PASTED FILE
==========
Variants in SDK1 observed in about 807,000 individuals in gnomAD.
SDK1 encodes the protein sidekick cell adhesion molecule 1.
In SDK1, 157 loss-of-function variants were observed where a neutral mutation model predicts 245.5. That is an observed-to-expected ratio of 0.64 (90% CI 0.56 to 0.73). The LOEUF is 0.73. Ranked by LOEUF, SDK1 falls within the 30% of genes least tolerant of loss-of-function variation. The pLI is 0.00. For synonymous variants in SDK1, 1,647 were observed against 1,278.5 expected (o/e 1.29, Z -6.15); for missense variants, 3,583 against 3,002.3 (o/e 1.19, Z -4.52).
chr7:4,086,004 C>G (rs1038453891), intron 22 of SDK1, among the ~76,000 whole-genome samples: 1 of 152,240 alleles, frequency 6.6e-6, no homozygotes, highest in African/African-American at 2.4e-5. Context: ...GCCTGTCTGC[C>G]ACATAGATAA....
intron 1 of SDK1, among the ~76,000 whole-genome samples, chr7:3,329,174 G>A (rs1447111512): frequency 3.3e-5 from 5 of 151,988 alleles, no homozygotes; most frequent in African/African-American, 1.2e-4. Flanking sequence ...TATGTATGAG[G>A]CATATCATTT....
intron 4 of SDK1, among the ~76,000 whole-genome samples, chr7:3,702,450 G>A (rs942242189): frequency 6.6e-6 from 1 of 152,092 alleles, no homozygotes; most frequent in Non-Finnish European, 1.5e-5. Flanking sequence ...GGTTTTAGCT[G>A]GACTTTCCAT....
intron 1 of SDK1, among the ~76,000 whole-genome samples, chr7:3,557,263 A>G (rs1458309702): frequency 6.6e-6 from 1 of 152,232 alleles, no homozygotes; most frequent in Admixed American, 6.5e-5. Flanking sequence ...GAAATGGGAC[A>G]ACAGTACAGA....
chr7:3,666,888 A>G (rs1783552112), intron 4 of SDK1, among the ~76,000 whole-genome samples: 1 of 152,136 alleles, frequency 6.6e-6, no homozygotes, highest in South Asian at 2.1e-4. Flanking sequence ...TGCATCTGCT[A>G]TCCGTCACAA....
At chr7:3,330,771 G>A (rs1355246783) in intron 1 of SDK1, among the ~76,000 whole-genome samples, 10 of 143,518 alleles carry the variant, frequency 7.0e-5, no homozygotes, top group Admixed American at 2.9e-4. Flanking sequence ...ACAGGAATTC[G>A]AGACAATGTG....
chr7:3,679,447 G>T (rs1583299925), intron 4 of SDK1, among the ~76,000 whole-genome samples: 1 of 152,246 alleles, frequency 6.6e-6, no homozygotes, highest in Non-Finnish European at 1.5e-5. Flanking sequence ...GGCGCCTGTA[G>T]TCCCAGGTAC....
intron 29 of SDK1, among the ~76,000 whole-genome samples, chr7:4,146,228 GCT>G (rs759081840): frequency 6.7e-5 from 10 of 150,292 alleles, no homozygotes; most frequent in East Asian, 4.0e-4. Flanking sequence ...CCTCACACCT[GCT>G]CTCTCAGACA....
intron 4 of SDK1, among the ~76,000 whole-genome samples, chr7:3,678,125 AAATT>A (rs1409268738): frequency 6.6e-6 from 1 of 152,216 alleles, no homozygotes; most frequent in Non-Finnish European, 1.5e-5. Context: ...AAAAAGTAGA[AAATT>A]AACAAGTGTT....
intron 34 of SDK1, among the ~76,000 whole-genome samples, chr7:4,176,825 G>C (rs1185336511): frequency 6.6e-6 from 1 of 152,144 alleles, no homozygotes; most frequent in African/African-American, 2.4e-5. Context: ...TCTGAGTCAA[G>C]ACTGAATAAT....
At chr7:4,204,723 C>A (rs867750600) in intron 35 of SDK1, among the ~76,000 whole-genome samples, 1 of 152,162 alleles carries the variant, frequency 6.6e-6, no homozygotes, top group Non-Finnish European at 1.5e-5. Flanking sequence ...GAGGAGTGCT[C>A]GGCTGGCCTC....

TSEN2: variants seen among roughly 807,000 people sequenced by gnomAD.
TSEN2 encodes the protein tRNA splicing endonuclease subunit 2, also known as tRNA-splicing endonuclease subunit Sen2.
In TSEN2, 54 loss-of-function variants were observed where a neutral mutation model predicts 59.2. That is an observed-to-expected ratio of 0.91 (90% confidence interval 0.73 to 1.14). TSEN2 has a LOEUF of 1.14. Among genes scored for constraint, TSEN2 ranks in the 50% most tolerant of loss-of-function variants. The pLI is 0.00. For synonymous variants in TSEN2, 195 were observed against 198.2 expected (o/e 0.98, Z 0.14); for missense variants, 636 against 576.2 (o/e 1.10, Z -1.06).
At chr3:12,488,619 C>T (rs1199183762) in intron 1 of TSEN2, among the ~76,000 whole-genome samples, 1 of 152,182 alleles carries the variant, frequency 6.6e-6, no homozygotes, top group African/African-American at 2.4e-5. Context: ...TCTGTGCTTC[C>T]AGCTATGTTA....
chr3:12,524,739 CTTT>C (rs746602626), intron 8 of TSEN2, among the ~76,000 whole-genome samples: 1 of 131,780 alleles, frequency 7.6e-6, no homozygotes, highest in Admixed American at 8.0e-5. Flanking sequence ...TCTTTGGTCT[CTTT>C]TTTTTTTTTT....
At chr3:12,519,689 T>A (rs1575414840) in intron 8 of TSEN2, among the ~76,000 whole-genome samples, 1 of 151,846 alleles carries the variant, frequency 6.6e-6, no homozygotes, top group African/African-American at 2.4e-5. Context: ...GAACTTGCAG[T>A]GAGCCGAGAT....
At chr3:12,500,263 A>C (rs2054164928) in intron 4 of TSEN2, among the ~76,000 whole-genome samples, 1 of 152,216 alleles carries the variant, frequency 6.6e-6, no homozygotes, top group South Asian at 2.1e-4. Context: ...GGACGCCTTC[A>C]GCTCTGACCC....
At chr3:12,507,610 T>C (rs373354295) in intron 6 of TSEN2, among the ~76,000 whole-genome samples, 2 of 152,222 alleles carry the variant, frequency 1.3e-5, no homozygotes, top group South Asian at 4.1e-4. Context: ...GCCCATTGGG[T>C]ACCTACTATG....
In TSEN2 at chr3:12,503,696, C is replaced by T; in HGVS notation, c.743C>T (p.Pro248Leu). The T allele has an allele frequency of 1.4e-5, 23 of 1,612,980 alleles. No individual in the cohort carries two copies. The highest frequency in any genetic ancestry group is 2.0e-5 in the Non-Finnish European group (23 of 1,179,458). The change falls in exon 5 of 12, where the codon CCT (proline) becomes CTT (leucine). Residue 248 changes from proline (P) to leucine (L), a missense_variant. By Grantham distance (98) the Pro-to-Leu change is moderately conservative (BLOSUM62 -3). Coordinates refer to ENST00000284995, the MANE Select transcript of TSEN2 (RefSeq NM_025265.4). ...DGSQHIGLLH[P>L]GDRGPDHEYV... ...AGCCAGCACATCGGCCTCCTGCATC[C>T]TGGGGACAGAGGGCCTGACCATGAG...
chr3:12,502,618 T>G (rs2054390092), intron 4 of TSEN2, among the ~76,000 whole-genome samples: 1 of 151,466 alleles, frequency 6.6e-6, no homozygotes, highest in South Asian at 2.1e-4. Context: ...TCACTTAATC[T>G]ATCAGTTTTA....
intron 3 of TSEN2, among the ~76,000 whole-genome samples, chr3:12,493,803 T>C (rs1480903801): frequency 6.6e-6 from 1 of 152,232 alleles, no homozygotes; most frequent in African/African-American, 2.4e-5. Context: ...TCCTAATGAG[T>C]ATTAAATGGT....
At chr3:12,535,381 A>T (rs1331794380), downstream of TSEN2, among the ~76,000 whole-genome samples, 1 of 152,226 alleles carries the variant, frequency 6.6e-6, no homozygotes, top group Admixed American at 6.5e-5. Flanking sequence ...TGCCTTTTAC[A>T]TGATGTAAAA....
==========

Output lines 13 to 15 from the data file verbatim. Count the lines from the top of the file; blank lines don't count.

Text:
intron 34 of SDK1, among the ~76,000 whole-genome samples, chr7:4,176,825 G>C (rs1185336511): frequency 6.6e-6 from 1 of 152,144 alleles, no homozygotes; most frequent in African/African-American, 2.4e-5. Context: ...TCTGAGTCAA[G>C]ACTGAATAAT....
At chr7:4,204,723 C>A (rs867750600) in intron 35 of SDK1, among the ~76,000 whole-genome samples, 1 of 152,162 alleles carries the variant, frequency 6.6e-6, no homozygotes, top group Non-Finnish European at 1.5e-5. Flanking sequence ...GAGGAGTGCT[C>A]GGCTGGCCTC....

TSEN2: variants seen among roughly 807,000 people sequenced by gnomAD.